Monday, February 4, 2013

Flowers in winter

We walked into Prospect Park from Grand Army Plaza. I was hunting snowdrops, but the Frenchman spotted an old friend of mine, this witch hazel, near the entrance. There was no trace of the sweet witch hazel scent. Maybe it starts later in the day...

On the snowy bank opposite was another, blooming on a branch that resembled a compound fracture. Many damaged trees have not yet been pruned after destructive storms. The witch hazels are flexible enough to withstand high winds but are crushed or broken when large trees or limbs fall on them. 

And a third, below. If we found no snowdrops, these were lovely compensation. See, it's broken, too.

I know. A squirrel. 

This is on the edge of the Vale of Cashmere. A steady volunteer group keeps this part of the park as tidy as it can, though fixing the paths - deeply grooved and rutted and exploded and pot-holed tarmac - is beyond their scope.

The woods above Battle Pass. Scene of one of many fights in the Battle of Long Island, August 27th, 1776, in the American War of Independence. At this spot the (newly minted) Americans fought the mercenary Hessians (...I am partly descended from a soldier of fortune, but English, not Hessian - not saying that's good thing, it just Is). It was a long day. The battle moved all the way to where we live, in Cobble Hill. We walk with ghosts.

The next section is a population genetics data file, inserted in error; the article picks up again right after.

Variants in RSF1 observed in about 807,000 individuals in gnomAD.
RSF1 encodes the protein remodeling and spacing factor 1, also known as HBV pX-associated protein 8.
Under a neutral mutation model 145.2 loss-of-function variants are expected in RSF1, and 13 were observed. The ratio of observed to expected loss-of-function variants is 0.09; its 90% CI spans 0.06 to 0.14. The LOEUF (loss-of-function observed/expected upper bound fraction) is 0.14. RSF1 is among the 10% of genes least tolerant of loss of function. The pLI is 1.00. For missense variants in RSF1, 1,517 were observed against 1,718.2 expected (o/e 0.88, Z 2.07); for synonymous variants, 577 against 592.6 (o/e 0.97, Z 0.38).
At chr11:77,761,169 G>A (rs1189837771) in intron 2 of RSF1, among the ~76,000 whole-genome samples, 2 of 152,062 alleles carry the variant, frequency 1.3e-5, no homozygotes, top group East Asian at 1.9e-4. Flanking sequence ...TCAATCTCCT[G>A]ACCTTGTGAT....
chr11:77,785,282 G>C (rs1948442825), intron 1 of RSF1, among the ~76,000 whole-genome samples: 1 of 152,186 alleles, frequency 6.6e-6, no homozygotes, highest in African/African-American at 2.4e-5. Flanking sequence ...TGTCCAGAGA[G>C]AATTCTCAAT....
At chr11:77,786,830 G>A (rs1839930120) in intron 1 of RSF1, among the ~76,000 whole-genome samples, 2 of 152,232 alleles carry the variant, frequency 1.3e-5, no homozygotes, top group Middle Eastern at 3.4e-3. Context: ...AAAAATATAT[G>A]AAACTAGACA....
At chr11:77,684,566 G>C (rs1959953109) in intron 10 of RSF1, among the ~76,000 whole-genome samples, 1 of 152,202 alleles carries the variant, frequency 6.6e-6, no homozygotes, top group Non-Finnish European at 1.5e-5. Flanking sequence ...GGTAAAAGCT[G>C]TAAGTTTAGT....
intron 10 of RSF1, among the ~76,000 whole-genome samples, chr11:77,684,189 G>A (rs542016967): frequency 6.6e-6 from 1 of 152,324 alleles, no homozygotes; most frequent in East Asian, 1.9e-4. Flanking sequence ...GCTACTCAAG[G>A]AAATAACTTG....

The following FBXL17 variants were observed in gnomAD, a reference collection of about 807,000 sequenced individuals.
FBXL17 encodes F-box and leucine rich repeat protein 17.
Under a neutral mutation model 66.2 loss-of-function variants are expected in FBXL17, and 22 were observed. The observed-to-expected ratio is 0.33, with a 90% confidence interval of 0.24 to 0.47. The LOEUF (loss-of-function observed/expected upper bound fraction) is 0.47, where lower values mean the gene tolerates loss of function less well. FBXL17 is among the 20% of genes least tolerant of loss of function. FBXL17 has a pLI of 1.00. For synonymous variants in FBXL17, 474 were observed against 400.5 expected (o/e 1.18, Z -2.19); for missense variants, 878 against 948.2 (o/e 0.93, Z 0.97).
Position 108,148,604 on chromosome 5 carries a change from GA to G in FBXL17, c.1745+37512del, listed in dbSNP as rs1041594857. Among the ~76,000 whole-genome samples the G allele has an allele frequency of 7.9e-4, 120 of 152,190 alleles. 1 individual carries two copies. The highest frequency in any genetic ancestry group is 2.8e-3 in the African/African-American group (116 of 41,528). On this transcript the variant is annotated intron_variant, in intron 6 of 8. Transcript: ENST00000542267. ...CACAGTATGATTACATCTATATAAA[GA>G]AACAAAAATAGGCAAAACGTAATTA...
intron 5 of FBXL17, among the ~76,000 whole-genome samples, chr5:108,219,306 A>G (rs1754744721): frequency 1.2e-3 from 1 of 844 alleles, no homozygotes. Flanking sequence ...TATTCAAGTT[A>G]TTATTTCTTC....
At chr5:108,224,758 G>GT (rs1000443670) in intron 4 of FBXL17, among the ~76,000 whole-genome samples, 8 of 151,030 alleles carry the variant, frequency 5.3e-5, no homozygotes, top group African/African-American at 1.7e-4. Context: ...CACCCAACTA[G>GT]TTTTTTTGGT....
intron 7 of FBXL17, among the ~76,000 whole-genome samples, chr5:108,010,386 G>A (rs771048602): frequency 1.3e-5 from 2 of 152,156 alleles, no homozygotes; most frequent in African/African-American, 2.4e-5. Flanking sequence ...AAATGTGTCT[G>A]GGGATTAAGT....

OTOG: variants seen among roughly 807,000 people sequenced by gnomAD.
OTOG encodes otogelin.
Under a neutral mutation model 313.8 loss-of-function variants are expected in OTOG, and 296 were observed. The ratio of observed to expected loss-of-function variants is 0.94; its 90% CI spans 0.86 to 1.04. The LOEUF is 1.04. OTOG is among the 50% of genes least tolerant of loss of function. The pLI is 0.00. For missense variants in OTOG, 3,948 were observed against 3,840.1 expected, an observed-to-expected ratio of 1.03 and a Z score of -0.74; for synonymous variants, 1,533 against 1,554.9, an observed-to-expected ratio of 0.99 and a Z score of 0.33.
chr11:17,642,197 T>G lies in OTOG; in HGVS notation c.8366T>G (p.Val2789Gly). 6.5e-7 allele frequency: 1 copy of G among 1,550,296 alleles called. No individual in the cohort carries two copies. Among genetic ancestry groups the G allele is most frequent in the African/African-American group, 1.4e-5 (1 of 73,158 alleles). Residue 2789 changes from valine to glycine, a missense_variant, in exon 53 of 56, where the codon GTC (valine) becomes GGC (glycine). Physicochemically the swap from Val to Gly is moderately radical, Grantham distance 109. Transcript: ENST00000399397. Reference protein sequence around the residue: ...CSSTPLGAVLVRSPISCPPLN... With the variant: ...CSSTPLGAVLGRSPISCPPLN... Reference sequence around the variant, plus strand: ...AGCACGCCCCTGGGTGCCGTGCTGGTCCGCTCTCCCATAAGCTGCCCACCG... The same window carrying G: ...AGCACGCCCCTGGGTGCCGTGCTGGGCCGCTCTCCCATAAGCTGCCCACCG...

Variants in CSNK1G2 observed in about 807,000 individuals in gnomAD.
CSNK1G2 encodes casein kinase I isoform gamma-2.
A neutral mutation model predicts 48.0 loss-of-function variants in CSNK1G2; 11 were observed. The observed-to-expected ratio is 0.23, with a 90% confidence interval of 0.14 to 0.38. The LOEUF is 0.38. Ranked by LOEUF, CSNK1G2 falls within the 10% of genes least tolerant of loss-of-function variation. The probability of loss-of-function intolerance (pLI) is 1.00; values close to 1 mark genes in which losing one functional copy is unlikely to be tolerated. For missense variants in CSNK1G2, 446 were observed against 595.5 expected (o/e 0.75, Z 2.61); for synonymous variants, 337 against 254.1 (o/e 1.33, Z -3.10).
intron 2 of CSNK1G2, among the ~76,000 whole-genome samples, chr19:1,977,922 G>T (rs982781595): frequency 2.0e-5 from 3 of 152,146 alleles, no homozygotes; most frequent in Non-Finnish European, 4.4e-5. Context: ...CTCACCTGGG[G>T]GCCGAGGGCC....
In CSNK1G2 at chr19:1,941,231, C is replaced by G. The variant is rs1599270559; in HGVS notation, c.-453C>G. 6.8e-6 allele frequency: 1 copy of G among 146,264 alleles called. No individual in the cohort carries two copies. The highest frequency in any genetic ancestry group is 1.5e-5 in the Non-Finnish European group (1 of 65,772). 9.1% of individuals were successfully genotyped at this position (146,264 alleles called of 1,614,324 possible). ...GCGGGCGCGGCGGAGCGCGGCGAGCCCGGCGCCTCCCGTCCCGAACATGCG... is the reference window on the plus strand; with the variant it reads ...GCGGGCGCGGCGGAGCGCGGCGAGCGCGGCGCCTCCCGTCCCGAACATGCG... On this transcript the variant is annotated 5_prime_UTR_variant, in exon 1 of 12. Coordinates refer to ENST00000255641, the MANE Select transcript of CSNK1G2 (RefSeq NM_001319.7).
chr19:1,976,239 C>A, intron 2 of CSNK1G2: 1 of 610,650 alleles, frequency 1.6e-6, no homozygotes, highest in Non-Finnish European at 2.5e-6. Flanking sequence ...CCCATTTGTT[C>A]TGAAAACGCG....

We avoided the Litter Mob woods. Too depressing.

And we found the snowdrops. One month to the day, earlier than before.

The leaf litter is very thick, and an enormous tree had crashed on top of a large patch.

Prospect Park should be a UNESCO World Heritage Site (these are the criteria that must be satisfied). Like the canals of Amsterdam. Then maybe the City of New York would spend more money on its upkeep. 

Cold after our long amble, in temperatures just a little below freezing, we found an actual picnic table just up there to the left, in amongst those trees.

We stayed long enough to eat many slices of our local, cured duck breast, to discuss how we could have more duck shipped from Granville Island in Vancouver, to watch dog owners bellowing at their dogs, and to see the arrival of an elderly Asian couple, well-insulated in big red puffer jackets, sit down to their own picnic complete with intriguing steam from flasks. 

After they had eaten she took a nap, head on arms on table, and he read the newspaper. 

It is never too cold to picnic. 
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